tr.v. dis·ac·cus·tomed, dis·ac·cus·tom·ing, dis·ac·cus·toms
To render (a person) unaccustomed to something to which the person has been previously accustomed; cause to break a habit.
[Middle English disacustome, from Old French desacostumer : des-, dis- + acostumer, to accustom; see ACCUSTOM.]
The American Heritage® Dictionary of the English Language, Fifth Edition copyright ©2018 by Houghton Mifflin Harcourt Publishing Company. All rights reserved.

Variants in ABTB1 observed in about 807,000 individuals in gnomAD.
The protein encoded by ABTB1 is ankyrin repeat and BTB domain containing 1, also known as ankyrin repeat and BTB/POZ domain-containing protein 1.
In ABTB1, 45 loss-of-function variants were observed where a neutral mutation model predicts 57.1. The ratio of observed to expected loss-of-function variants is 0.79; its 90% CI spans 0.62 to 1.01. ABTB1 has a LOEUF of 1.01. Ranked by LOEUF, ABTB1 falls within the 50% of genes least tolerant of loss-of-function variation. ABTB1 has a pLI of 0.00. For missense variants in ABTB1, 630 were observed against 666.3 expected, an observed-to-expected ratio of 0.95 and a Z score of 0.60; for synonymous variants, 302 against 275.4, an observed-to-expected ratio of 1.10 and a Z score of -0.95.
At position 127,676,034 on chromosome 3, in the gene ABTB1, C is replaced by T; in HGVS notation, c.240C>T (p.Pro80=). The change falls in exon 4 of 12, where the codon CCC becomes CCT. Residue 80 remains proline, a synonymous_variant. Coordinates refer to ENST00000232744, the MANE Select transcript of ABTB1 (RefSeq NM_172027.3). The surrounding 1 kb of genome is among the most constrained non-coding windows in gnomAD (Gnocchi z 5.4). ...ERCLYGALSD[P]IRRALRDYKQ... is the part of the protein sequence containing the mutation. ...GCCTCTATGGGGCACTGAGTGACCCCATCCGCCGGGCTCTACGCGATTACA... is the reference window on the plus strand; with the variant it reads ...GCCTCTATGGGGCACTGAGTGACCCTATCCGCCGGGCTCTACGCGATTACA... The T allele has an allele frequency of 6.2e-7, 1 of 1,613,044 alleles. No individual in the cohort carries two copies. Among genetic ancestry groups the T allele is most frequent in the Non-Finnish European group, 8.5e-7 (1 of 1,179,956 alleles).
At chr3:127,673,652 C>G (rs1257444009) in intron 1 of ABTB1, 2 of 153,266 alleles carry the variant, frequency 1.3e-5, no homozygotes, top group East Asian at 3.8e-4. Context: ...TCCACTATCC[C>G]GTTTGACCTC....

Indo-European & Semitic Roots Appendices
Thousands of entries in the dictionary include etymologies that trace their origins back to reconstructed proto-languages. You can obtain more information about these forms in our online appendices:
The Indo-European appendix covers nearly half of the Indo-European roots that have left their mark on English words. A more complete treatment of Indo-European roots and the English words derived from them is available in our Dictionary of Indo-European Roots.